SOLUTION AT My Australian Academy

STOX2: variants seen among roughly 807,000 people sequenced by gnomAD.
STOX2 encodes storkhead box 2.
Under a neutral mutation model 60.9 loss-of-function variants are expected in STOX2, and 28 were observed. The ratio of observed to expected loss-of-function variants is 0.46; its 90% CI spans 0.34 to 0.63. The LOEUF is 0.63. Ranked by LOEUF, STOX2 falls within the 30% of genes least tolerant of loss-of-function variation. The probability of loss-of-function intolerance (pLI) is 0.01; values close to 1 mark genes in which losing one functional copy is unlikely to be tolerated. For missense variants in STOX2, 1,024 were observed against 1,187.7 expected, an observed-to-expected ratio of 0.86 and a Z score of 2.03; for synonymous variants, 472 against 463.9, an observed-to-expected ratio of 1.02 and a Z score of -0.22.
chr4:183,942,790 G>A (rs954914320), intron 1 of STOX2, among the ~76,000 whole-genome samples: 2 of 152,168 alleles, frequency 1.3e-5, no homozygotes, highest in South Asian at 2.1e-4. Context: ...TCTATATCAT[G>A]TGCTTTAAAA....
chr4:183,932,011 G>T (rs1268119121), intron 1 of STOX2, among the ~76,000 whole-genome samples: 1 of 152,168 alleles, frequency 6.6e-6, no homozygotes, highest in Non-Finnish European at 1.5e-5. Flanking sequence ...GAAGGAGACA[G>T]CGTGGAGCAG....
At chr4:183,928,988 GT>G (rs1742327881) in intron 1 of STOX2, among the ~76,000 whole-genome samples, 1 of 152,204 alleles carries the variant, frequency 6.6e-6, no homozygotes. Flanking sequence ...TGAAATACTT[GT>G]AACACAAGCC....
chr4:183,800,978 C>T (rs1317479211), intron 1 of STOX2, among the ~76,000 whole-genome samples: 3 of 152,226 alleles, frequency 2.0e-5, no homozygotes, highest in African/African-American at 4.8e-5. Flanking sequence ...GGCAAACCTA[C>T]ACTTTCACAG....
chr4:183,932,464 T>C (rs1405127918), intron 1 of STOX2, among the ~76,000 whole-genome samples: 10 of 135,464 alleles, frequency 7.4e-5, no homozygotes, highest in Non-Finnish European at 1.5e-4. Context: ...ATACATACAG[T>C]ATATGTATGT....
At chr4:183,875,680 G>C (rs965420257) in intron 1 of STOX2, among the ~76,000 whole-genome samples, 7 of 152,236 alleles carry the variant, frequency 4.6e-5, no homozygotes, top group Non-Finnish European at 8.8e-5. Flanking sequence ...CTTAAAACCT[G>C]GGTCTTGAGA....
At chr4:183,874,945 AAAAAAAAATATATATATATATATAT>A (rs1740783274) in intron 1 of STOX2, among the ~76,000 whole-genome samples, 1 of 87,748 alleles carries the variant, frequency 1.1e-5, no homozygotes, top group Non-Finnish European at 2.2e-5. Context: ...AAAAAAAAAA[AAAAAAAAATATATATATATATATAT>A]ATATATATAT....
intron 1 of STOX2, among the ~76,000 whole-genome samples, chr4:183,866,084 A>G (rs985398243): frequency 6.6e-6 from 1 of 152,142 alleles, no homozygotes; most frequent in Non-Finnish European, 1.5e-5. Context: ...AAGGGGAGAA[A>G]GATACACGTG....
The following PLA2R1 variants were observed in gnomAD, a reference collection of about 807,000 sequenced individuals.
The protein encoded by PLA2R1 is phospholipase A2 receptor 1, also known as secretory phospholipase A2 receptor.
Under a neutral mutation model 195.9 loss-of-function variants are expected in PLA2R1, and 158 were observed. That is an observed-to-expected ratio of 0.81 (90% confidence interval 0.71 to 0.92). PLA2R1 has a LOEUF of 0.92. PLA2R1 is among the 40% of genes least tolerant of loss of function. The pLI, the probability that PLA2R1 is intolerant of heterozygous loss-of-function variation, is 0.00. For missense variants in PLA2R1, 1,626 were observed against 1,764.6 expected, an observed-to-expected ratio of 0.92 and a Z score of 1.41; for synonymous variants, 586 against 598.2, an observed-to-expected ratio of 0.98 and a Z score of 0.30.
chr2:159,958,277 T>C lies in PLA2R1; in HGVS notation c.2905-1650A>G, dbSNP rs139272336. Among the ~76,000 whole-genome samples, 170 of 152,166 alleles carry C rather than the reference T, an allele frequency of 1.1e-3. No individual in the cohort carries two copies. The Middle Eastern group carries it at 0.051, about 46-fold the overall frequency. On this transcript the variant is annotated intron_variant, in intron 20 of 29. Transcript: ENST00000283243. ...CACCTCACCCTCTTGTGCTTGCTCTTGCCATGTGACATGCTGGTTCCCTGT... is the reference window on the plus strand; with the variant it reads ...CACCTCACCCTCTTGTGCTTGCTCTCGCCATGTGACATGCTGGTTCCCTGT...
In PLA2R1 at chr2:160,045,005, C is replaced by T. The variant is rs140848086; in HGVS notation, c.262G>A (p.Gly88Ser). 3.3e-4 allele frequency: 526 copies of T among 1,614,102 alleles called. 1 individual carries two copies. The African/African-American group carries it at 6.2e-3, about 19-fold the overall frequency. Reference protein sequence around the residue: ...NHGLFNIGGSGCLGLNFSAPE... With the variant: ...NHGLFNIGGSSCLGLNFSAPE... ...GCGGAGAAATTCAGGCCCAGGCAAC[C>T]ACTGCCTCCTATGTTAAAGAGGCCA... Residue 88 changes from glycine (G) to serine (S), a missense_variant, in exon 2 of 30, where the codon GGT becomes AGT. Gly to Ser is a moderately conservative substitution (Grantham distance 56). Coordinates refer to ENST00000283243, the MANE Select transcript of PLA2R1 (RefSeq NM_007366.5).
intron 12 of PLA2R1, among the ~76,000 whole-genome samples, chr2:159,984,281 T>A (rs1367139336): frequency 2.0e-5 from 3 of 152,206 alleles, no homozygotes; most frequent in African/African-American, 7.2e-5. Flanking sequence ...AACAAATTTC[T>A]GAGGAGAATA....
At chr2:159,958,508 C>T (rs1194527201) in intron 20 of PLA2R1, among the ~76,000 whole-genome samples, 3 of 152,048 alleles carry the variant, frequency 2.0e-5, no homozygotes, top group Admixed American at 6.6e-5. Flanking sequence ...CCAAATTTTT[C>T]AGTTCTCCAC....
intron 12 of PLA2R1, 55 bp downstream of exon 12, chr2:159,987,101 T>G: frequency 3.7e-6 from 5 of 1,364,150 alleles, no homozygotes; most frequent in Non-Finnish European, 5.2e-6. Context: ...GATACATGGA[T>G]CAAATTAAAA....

http://thephysicsaviary.com/Physics/Programs/Labs/RLCinACLab/Examine the many parameters that describe RLC circuits that are driven by an AC Source. Wewant to pick certain R, L, and C values and fix them for the rest of the lab. We will be doing 3 ‘data runs’, onewith a relatively low frequency that gives us a ‘capacitive’ circuit (where the current leads the voltage), a runwith a relatively higher frequency that will be ‘inductive’ (where the voltage peaks before the current). The thirdand final data run will be at the frequency closest to what we calculate to be the resonant frequency for thecircuit.The following calculations will give us the resonant frequency.The angular resonant frequency is given by:ωr=1L⋅C√ ,where L is the inductance and C is the capacitance. Note that the angular frequency will be in units of radiansper second. We now use:fr=ωr2⋅π to get the resonant frequency in hertz. On the third data run, set the driving frequency (of the source)as close as possible to this resonant frequency.On all three data runs, we need to obtain the following data:From the circuit picture we will obtain f, the frequency of the ac source, R, the resistance, L, the inductance, C,the capacitance and, Vtotrms, irms, VRrms, VCrms and VLrms. The last five variables are the rms values forthe total voltage, the current (which is the same throughout the circuit), the voltage drop across the resistor, thevoltage drop across the capacitor, and the voltage drop across the inductor, respectively. You may use thepictures of the circuit during each data run to record this data instead of putting all of it in a table.From the graph below the circuit, we need to also obtain VRm, VLm, VCm, Vtotm. These are the amplitudes ofthe voltage drops over the resistor, inductor, capacitor and all components, respectively. Furthermore, we needto read from the graph, im, the amplitude of the current throughout the circuit and ϕ. The way we obtain phi isto first find tVRPeak and tVtotPeak. which are the time when the resistor voltage first peaks (remember that thevoltage curve peaks the same time as the current peaks) and the first time when the total voltage peaks. To getthe phase angle, note that:ΔtT=ϕexp360o=Δt⋅fwhere T is the period of oscillations, ϕexp is (the experimental value of) the phase angle between the totalvoltage and the total current, f is the frequency of oscillations and:Δt=tVRPeak−tVtotPeakwhere tVRPeak is the time when the resistance voltage peaks and tVtotPeak is the time when the total voltagepeaks. Note that this will be positive if the total voltage peaks before the current and it will be negative if thetotal voltage peaks after the current. We can now find the experimental value of the phase difference using:ϕexp=f⋅Δt⋅360oWe should obtain a ϕexp for all three data runs. Even though we had to do a calculation to find it, we treat thisas the experimentally measured phase value.The following computations are to be done for every data run.We first check to see whether our experimentally obtained amplitudes correspond with their respective rmsvalues:VRmth=2–√⋅VRrms5/1/2021 Order 343859736https://admin.writerbay.com/orders_available?subcom=detailed&id=343859736 3/5Does this agree with VRm, the amplitude for the resistor voltage that was read from the graph?We now repeat this comparison for VLmth, VCmth, Vtotmth, and imth, where the ‘th’ stands for the theoreticalvalue. In each of these cases, we obtain the theoretical value by multiplying all of the corresponding rms valuesby 2–√ . We then compare these theoretical values with VLm, VCm, Vtotm and im, the amplitudes of thesevoltages and current as they were read from the graph. If the theoretical and experimental values agree, thenwe can assure ourselves that we are indeed working working with rms values for the voltages and current asthey appear in the circuit diagram.Next, let’s check to see if our rms values are consistent with Ohm’s Law (for the resistor, the reactances, andfor the impedance).VRrmsth=irmsR.Does our theoretical rms value for the voltage drop across the resistor agree with the VRrms given on thecircuit diagram?Compute the reactances:XL=ω⋅L,XC=1ω⋅C ,and the impedance,Z=R2+(XL−XC)2−−−−−−−−−−−−−−√ .Now we find the following rms values:VLrmsth=irms⋅XL.Does our theoretical rms value for the voltage drop across the inductor agree with the VLrms given on thecircuit diagram?VCrmsth=irms⋅XC.Does our theoretical rms value for the voltage drop across the capacitor agree with the VCrms given on thecircuit diagram?irmsth=VtotrmsZ .How does irms compare with irmsth?Next, we look at the phase angle.ϕth=tan−1(XL−XCR) . How does this compare with ϕexp, found above? Make sure to express the phaseangles in degrees when doing the comparisons.Compute the power dissipated in this circuit using two different methods:5/1/2021 Order 343859736https://admin.writerbay.com/orders_available?subcom=detailed&id=343859736 4/5P1=i2rms⋅R ,where irms and R may be read off of the circuit diagram, andP2=irmsVtotrms⋅cos(ϕth) ,where irms and Vtotrms may be read off of the circuit diagram, but use the theoretical value for the phasedifference. How do P1 and P2 compare with each other?This ends the computations that must be done for every data run.Once you have finished the above computations for the resonance data run, note how XL compares with XC;and how Z compares with R. Does the value for ϕ make sense for resonance?Write the lab report using the standard format. When you get to the Raw Data Section, note that some of yourdata is given in the screenshots of the apparatus, but make sure to note the amplitude of the current curve inthe Raw data section (unless you included a picture of the current curves in your data graphs. You should alsoplace all of your graphs in the Raw Data Section. Be clear about which graph corresponds to which picture inthe Apparatus section. Do not forget to label the components in the Apparatus section.In the Conclusions section, state whether the theoretical values agreed closely with the correspondingexperimental values. Also state here any conclusions you draw from looking at the resonance curves.